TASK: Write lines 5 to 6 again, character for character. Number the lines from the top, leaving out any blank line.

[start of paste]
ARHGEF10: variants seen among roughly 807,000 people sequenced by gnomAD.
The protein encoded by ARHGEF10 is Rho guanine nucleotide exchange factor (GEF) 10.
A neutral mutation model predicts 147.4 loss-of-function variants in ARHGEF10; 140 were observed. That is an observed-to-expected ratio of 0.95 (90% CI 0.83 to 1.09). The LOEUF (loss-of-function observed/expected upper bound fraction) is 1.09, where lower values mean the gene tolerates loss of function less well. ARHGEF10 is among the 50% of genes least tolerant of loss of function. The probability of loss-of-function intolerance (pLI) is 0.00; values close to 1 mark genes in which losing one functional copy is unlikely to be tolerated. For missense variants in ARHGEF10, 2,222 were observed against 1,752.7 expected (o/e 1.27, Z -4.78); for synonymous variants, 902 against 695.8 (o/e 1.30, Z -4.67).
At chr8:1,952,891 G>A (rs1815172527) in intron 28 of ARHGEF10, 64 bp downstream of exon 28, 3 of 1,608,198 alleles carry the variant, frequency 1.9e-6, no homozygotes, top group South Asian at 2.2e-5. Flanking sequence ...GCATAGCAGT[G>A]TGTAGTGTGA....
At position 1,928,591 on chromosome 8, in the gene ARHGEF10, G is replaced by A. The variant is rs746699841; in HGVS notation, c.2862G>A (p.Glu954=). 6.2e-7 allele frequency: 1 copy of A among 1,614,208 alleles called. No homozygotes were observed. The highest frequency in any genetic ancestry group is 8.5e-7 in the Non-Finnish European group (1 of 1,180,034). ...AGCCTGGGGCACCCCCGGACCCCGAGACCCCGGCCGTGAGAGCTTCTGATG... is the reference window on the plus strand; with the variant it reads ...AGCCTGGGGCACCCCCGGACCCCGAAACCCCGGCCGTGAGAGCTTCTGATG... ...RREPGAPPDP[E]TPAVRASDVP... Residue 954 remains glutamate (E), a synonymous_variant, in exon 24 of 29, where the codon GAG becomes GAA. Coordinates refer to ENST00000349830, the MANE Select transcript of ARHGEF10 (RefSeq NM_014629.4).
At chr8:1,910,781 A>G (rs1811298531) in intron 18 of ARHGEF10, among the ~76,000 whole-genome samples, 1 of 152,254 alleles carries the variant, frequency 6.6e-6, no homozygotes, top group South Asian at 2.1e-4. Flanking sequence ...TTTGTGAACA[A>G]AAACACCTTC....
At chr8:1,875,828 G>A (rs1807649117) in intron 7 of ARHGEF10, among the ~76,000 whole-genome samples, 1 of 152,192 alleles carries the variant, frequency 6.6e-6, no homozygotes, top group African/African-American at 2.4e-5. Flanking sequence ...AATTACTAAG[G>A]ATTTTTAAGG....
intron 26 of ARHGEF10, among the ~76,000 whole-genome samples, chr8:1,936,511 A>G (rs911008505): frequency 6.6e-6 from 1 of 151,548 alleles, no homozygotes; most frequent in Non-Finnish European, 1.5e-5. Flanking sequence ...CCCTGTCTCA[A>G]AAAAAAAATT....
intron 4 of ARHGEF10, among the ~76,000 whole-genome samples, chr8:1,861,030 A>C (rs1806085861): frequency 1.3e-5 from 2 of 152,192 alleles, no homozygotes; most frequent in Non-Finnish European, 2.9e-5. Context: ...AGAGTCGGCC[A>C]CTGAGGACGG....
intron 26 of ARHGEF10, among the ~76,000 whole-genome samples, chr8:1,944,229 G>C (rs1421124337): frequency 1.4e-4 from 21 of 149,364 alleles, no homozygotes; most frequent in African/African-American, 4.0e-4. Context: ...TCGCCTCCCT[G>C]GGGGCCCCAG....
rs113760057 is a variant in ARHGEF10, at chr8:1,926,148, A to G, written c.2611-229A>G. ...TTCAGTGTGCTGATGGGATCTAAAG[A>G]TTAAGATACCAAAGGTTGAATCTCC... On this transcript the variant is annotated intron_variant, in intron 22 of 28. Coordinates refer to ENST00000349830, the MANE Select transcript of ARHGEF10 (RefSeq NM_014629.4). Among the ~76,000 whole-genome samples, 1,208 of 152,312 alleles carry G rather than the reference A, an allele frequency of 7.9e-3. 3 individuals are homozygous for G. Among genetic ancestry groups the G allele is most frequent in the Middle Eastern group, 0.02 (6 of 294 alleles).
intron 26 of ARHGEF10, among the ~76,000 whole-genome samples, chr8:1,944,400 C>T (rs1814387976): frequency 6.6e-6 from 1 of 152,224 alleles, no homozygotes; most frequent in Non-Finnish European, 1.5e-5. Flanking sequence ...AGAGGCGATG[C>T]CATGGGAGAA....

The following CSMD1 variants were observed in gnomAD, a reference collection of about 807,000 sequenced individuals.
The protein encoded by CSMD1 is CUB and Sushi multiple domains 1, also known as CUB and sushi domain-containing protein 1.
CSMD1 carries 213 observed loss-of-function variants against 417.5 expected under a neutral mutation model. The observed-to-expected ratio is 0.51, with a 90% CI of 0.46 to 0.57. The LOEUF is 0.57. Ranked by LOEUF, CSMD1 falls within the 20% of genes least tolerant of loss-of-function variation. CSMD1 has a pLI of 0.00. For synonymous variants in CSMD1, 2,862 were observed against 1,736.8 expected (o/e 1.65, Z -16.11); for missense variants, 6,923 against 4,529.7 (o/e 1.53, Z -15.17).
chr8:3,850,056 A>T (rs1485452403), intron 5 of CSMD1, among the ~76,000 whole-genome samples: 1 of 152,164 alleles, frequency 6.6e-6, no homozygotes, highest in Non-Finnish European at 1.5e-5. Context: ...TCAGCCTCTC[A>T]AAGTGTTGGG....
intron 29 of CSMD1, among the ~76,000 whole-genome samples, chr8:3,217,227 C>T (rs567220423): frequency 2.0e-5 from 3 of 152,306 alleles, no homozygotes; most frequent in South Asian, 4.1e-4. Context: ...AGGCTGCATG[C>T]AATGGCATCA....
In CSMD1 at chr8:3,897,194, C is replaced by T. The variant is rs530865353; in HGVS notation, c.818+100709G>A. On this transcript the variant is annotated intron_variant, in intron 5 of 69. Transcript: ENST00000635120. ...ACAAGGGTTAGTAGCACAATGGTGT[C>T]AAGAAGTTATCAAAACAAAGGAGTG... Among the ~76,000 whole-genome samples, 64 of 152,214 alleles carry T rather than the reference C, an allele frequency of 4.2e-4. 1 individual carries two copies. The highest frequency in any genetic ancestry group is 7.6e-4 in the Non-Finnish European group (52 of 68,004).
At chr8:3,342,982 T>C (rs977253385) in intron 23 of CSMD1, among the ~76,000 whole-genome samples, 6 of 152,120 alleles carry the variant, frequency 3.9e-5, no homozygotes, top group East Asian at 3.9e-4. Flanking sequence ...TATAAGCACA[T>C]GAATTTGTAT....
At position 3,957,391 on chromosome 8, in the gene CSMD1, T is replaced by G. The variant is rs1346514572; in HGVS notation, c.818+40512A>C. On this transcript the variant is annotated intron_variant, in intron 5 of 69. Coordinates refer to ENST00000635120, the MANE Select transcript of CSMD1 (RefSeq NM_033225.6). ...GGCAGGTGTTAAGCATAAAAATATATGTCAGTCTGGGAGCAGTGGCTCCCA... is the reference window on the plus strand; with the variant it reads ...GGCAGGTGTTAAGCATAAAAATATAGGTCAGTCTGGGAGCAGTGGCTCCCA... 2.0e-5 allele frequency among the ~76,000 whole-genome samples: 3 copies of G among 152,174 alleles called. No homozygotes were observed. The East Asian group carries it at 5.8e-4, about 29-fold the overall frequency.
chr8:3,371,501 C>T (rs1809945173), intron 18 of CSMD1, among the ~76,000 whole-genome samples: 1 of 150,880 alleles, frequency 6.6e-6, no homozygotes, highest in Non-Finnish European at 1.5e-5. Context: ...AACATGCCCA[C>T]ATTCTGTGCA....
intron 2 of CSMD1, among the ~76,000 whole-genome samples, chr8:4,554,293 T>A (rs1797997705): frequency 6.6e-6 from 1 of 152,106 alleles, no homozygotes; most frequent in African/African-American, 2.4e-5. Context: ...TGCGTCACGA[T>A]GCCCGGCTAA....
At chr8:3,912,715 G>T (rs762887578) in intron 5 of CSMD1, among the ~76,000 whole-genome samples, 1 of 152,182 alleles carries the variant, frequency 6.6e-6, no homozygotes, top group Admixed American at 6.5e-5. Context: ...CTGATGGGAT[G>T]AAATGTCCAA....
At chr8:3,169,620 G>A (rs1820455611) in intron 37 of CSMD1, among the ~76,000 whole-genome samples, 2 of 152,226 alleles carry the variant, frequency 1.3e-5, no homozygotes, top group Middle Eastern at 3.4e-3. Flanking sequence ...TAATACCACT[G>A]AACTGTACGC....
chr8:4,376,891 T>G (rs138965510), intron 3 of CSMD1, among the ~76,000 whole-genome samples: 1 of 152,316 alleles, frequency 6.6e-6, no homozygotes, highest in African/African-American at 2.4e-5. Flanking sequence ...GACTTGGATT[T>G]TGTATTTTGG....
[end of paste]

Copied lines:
At position 1,928,591 on chromosome 8, in the gene ARHGEF10, G is replaced by A. The variant is rs746699841; in HGVS notation, c.2862G>A (p.Glu954=). 6.2e-7 allele frequency: 1 copy of A among 1,614,208 alleles called. No homozygotes were observed. The highest frequency in any genetic ancestry group is 8.5e-7 in the Non-Finnish European group (1 of 1,180,034). ...AGCCTGGGGCACCCCCGGACCCCGAGACCCCGGCCGTGAGAGCTTCTGATG... is the reference window on the plus strand; with the variant it reads ...AGCCTGGGGCACCCCCGGACCCCGAAACCCCGGCCGTGAGAGCTTCTGATG... ...RREPGAPPDP[E]TPAVRASDVP... Residue 954 remains glutamate (E), a synonymous_variant, in exon 24 of 29, where the codon GAG becomes GAA. Coordinates refer to ENST00000349830, the MANE Select transcript of ARHGEF10 (RefSeq NM_014629.4).
At chr8:1,910,781 A>G (rs1811298531) in intron 18 of ARHGEF10, among the ~76,000 whole-genome samples, 1 of 152,254 alleles carries the variant, frequency 6.6e-6, no homozygotes, top group South Asian at 2.1e-4. Flanking sequence ...TTTGTGAACA[A>G]AAACACCTTC....